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‘Distinguish between an offer and an invitation to treat.

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    ‘Distinguish between an offer and an invitation to treat. Give examples to illustrate the distinction’

    Hi, I was just wondering If anyone could give me some good ideas I could use for this essay, such as resources, certain cases and certain points to pick up on. My understanding of law is somewhat limited

    I have looked through a good majority of threads on this board but couldn't find any similar. So if there is any a link to that would be great

    Any help would be most appreciated

    Thanks.

    Chris
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    The Distinction Between An Offer And An Invitation To Treat Is Often Hard To Draw As It Depends On The Elusive Criterion Of Intention. But There Are Certain Stereotyped Situations That The Distinction Is Determined By Rules Of Law" Introduction An offer is made when a person shows a willingness to enter into a legally binding contract. An invitation to treat (I.T.T) is merely a supply of information to tempt a person into making an offer. However the distinction between the two can often be misleading and ultimately misinterpreted. When misinterpretations and complications occur then it is down to the courts to decide and to distinguish between the two terms, so a person is not led into a binding contract of which he does not want to be a part of, (Harvey V Facey [1893] A.C 552.) but is merely supplying information to which an offer is to be made. Offers and Invitations...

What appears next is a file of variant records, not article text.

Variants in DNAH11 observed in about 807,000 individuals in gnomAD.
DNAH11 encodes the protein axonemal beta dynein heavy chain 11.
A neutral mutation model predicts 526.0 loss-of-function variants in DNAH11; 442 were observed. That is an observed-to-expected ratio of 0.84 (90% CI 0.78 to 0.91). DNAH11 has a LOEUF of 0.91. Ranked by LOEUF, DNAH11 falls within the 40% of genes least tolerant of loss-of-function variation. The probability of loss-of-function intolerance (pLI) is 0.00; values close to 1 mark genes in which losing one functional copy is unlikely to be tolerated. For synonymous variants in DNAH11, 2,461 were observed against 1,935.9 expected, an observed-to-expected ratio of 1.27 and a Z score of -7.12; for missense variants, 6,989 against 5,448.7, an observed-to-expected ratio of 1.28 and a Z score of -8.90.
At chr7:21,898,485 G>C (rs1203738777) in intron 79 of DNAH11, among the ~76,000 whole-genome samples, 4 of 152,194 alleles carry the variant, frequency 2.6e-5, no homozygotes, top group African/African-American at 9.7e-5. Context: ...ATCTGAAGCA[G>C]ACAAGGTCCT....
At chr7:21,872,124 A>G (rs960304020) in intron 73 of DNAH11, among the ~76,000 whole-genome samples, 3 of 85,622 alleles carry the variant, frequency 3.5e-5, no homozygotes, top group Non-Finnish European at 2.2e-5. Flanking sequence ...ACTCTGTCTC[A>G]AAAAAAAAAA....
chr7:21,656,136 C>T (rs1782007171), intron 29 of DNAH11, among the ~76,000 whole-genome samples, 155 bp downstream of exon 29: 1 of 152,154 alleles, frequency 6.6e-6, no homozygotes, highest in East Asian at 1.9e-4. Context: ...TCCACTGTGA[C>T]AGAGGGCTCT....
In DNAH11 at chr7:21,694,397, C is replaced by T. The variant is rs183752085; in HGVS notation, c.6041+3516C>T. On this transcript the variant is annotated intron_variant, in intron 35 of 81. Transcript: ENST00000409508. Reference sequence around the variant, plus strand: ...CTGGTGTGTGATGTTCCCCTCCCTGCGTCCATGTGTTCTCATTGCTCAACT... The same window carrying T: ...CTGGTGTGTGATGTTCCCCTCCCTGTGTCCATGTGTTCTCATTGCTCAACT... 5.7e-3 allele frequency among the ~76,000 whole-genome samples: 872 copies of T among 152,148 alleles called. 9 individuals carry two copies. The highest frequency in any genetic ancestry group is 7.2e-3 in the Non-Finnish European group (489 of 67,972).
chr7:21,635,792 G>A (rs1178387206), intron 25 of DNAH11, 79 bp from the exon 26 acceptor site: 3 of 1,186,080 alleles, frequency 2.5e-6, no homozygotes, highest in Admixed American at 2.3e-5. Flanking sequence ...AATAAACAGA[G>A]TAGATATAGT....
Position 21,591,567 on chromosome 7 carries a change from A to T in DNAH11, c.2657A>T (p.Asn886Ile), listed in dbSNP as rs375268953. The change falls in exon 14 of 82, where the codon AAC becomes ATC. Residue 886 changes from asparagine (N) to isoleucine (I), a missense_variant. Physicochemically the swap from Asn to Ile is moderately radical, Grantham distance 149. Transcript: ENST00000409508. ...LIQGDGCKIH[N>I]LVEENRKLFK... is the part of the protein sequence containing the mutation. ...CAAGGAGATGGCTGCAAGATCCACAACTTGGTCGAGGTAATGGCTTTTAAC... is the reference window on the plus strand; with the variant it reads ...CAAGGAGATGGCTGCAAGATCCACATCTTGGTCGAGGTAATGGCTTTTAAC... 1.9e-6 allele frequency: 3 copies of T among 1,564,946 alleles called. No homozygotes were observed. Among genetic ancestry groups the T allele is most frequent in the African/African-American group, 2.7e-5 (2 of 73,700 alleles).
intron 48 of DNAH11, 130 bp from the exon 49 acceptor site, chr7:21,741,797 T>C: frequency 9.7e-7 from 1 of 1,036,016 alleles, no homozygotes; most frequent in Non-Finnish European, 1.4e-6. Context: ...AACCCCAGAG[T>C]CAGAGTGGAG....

----------------

    An invitation to treat is an action inviting other parties to make an offer to form a contract. These actions may sometimes appear to be offers themselves, and the difference can sometimes be difficult to determine. The distinction is important because accepting an offer creates a binding contract while "accepting" an invitation to treat is actually making an offer.

    Advertisements are usually invitations to treat, which allows sellers to refuse to sell products at prices mistakenly marked. Advertisements can also be considered offers in some specific cases. Auctions are sometimes invitations to treat which allows the seller to accept bids and choose which to accept. However, if the seller states that there is no reserve price or the reserve price has been met, the auction will be considered an offer accepted by the highest bidder.